EV-A71 is one of the main causes of HFMD outbreaks in Asia and Europe, and EV-A71 infection can lead to severe neurological disorders of medical concern. The circulation of this virus has been studied in detail in Asian and European populations, but not in Africa, where new genogroups (E and F) have recently been reported. The discovery of these new genogroups raises questions about their epidemiological surveillance and the emergence of new epidemic lineages with potential implications for the development of specific vaccines and treatments. In this study, we developed a novel in-house internally controlled real-time RT-PCR for the specific detection of EV-A71 in biological samples. This assay, which can be completed in 3 h, would help to improve the surveillance of EV-A71 strains belonging to the canonical genogroups B and C with a worldwide circulation, and to the recently reported, but poorly described genogroups.

The molecular detection of EVs in biological samples has become the gold standard for the diagnosis of EV infections Many different techniques have been described (Monpoeho et al., 2002; Dierssen et al., 2008; Bennett et al., 2011; Volle et al., 2012), but they target the highly conserved 5′UTR region of the EV genome. The use of this region facilitates the rapid and sensitive detection of enteroviruses in samples, but precludes identification of the type of virus. The identification of EV type requires the amplification and sequencing of the 1DVP1 gene encoding the VP1 capsid protein, which harbors most of the EV epitopes (Oberste et al., 1999). However, the genomic sequence of 1DVP1 displays considerable nucleotide variability between and within EV types (Oberste et al., 1999; McWilliam Leitch et al., 2012; Hassel et al., 2015). The development of a real-time RT-PCR specifically amplifying the 1DVP1 sequence of a particular EV type is challenging, because this assay must target at least three different sites for the primers and probe. Furthermore, to avoid both false-positive and false-negative results, these hybridization sites must be specific for a particular EV type, but non-specific for the various subtypes of that type. In the particular case of EV-A71, eight different genogroups have been described to date (A–H). The primers and probe used in this assay were carefully designed from the most conserved EV-A71 1DVP1 regions. An analysis of EV-A71 samples from various genogroups demonstrated the reliable specificity of the assay, which displayed consistent repeatability and reproducibility, below a tolerance threshold of 5% variability. The incorporation of degenerate bases into the primer and probes sequences might have made the assay less specific, but the absence of detection for various EV samples of different types demonstrated that the assay was actually highly specific for EV-A71.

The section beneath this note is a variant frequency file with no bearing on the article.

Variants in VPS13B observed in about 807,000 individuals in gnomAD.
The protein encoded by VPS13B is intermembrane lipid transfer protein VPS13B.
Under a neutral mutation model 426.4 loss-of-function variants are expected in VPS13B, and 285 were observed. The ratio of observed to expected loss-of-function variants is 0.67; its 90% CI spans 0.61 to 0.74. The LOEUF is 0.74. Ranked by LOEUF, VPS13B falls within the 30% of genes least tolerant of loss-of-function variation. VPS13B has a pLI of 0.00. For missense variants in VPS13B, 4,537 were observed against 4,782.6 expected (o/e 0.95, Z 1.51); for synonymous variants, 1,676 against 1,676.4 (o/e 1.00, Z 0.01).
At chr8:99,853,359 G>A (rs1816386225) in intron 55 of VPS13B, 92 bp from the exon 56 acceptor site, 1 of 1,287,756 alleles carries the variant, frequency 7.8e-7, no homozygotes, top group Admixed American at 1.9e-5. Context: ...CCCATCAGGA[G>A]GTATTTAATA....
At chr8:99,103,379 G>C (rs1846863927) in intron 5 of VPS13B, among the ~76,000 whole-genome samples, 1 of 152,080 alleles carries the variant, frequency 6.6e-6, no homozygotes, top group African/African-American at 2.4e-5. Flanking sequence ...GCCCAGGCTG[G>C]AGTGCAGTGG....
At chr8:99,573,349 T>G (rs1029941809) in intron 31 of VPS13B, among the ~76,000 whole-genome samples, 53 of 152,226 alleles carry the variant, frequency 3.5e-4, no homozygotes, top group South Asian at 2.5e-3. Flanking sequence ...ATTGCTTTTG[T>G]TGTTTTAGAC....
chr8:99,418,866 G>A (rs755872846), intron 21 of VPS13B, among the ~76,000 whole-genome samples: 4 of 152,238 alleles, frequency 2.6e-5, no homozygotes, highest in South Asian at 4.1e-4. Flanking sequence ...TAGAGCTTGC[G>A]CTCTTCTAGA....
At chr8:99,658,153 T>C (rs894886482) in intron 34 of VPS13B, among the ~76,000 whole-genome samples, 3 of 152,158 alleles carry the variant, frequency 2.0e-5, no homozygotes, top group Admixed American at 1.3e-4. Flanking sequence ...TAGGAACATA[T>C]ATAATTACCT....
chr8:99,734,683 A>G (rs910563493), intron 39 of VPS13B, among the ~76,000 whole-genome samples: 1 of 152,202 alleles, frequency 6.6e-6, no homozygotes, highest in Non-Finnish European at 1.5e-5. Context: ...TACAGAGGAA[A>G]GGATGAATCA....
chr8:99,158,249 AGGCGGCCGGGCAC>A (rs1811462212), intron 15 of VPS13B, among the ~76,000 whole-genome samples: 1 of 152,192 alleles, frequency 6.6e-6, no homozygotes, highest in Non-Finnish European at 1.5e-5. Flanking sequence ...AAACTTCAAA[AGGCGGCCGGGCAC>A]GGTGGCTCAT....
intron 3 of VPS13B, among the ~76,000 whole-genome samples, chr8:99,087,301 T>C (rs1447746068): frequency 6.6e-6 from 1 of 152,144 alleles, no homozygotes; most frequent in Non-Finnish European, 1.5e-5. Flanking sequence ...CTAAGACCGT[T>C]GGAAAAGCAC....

The use of degenerate primers and probes in the assay resulted in some variability in the sensitivity and intensity of amplification between EV-A71 strains, regardless of the genogroups to which they belonged. However, the sensitivity values obtained for our real-time RT-PCR assay, particularly for the new EV-A71 viruses from genogroups E and F, were consistent with those reported in other studies targeting the canonical genogroups B and C (Hwang et al., 2013; Zhang et al., 2014; Thanh et al., 2015). The recently described genogroups D and G were taken into account in the design of primers and probe, and tested in collaboration with the Enterovirus Research Centre of Mumbai in India (Saxena et al., 2015). EV-A71 from genogroup D was successfully detected by the assay. Surprisingly, EV-A71 from genogroup G failed to be detected, despite its in silico complementarity with the used oligonucleotides. It is difficult to conclude about the efficiency of the assay to detect this genogroup since only two rare specimens were available and tested. Possibly, a weak amount of viral genetic material or a higher LOD for this genogroup may explain these negative results. Complementarity of the oligonucleotides primers with the recently described but not yet publicly available isolates of genogroup H was also confirmed (Majumdar et al., 2018).